Mess Blog 2

Mess and containment: reflections on counselling children in schools


Place2Be’s therapeutic approach draws its inspiration from a range of therapeutic perspectives. Place2Be Volunteer and Art Psychotherapist Emma reflects on her first term in a primary school and the importance of mess when counselling children. 

So much has been going on in this first term as a Volunteer Counsellor with Place2Be. Seemingly ‘easy’ sessions have been laden with unconscious communication. Testing my boundaries has been important – am I able to contain the children’s’ emotions? None of the children have been able to verbally articulate what they are feeling – hence the art and play therapy. Can I be trusted? How much can they take from me? Will I set boundaries? 

Above all, children want to know if I can tolerate mess - their mess. This is not always easy when working in a school which is a disciplined environment with many rules. But how much should I limit the use of materials when, having trained as an Art Therapist, I value free expression but also need to uphold boundaries? Mess has been an important tool for the 5 to 11 year olds I’ve worked with. How else can they communicate to me about the mess in their lives, or find out if I am able to cope with it? This ‘mess’ can include responses to bullying, loneliness and domestic violence and feelings about being in foster care or about not having a permanent home. Children might also show their feelings through their behaviour – by being aggressive to their peers or withdrawn in the classroom and these behaviours can block their ability and availability to learn. 

We usually encourage children to help clean up after sessions, but sometimes the mess is left for me. This is often unconscious and symbolic – the child is communicating that they have a lot of mess in their lives that they need someone else to help them clear up.  

Many a session has ended with me feeling flustered, chaotic and overwhelmed – an unconscious projection of feelings that the children feel unable to deal with. The mess is, essentially, left with me to digest on the child’s behalf, to process with Place2Be’s support during supervision and eventually, to give back to them in a more manageable form in future sessions.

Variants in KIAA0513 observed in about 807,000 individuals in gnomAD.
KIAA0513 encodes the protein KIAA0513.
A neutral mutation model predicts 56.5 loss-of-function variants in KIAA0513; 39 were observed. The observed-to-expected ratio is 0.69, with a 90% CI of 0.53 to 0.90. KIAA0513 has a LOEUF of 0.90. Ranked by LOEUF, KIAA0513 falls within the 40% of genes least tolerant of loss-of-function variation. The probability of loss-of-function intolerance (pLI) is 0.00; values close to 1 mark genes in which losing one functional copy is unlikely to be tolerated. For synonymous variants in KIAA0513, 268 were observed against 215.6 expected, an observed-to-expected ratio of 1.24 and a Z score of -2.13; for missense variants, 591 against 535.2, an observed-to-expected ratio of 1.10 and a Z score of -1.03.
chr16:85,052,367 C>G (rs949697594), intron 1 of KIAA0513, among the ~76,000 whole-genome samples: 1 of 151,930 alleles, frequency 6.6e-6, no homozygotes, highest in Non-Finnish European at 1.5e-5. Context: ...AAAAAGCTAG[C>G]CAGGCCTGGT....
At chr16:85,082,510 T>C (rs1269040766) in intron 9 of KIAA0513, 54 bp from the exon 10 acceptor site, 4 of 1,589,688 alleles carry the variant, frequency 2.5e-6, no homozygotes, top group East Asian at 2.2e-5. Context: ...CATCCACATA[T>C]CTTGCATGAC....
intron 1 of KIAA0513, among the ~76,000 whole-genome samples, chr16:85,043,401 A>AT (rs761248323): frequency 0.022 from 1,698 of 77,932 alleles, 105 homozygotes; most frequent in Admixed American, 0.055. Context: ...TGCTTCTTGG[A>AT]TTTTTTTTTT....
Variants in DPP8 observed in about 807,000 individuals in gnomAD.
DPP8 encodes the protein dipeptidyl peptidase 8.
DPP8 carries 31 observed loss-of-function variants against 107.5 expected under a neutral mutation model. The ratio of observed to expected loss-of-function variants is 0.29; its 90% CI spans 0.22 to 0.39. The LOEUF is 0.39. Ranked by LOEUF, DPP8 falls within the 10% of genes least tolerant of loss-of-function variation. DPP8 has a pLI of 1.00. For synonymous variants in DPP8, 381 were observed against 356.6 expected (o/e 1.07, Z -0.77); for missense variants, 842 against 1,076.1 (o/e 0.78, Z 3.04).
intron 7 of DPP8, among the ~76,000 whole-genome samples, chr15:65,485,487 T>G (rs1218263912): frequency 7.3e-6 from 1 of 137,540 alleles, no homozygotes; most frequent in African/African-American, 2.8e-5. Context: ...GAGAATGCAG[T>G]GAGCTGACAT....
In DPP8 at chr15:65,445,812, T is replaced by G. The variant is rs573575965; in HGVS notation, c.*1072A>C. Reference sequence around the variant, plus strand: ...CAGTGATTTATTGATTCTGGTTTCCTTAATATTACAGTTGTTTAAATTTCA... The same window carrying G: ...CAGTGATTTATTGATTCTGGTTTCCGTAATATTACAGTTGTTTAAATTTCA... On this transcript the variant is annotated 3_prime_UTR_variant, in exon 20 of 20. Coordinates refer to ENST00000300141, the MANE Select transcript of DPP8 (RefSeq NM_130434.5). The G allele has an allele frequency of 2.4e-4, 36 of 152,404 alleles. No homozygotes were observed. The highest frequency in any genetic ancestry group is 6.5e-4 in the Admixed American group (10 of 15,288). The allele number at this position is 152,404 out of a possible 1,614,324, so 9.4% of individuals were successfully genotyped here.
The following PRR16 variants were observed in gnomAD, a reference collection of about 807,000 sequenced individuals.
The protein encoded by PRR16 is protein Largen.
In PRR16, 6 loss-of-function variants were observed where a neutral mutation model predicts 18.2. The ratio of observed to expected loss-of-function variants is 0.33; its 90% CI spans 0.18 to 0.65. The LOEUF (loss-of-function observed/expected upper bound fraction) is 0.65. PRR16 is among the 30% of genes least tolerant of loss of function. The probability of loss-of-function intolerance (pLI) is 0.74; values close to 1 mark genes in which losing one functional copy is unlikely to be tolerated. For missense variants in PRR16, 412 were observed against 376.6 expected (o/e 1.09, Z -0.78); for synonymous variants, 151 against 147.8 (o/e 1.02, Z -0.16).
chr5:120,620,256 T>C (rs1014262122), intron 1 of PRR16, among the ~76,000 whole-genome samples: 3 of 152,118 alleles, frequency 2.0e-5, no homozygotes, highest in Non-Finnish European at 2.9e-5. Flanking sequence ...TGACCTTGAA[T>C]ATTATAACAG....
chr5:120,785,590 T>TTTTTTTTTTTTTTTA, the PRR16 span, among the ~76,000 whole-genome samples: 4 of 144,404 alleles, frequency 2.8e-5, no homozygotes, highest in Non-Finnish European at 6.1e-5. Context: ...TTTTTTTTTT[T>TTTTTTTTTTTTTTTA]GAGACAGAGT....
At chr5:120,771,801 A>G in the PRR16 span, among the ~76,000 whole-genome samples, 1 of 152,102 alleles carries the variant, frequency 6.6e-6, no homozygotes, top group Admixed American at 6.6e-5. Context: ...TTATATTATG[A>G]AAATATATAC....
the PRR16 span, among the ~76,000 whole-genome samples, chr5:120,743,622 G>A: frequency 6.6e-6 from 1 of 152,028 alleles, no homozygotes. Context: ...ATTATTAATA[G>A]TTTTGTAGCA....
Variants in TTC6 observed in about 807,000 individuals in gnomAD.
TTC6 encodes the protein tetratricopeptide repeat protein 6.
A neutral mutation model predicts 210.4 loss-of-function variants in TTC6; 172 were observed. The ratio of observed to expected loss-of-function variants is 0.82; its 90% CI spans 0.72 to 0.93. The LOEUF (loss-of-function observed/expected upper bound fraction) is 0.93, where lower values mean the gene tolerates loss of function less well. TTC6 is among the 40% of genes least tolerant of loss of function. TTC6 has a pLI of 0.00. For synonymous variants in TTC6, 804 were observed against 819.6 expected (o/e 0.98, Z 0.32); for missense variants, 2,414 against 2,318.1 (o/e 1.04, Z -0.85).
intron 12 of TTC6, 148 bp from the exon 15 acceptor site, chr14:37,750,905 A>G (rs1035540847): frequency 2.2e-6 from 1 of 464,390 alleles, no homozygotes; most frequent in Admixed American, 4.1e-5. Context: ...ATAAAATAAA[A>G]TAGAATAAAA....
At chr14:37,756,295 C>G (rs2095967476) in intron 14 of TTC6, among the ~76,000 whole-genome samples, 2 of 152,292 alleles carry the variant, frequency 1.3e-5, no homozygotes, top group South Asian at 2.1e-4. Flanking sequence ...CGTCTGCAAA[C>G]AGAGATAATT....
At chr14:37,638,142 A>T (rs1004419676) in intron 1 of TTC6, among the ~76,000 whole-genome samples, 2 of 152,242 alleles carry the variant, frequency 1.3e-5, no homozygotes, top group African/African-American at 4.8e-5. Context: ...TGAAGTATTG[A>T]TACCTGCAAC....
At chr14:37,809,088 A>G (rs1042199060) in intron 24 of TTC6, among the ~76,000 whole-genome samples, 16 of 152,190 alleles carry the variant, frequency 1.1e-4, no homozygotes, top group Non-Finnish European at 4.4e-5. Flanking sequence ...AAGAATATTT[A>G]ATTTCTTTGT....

Could this communication have happened without the artwork and the play? I don’t believe so. Children would find it very difficult to sit down for 50 minutes and talk about their experiences. Counselling using art and play gives them the chance to work through what is going on for them in a way that feels natural and is spontaneous. Children will not usually tell me directly about their issues, but they will express them in play or through art making. They use the play or the artwork to try and process their experiences and traumas and this helps them to gain some mastery over the situation. I have found that all the children at some point or another in counselling have enjoyed paint mixing – often just for the sake of paint mixing and not necessarily to produce a picture. One boy, aged 5, delighted in mixing paints. The more colours he added to the palette, the sludgier and browner it became and the more the paint slopped over the side of the palette and on to the table.  

Hopefully, seeing me not fazed (outwardly) and calmly helping him mop up the spillages he was able to realise that I could handle the mess in his life, and he would also become more able to handle it. Indeed, at the start of the new term he has been much more talkative in sessions, and has asked for my help during play rather than play on his own with me observing. 

Working with these children has been so incredibly interesting and rewarding for me.  In turn, the school values Place2Be’s work because when pupils are experiencing emotional difficulties they find learning very hard and their inclusion in school life can be affected. By having time with a counsellor for one-to-one attention and the chance to play, the child becomes more able to deal with their emotions and their attendance and attention in class improves. 

This blog was written in a personal capacity and does not necessarily reflect the view of the organisation.

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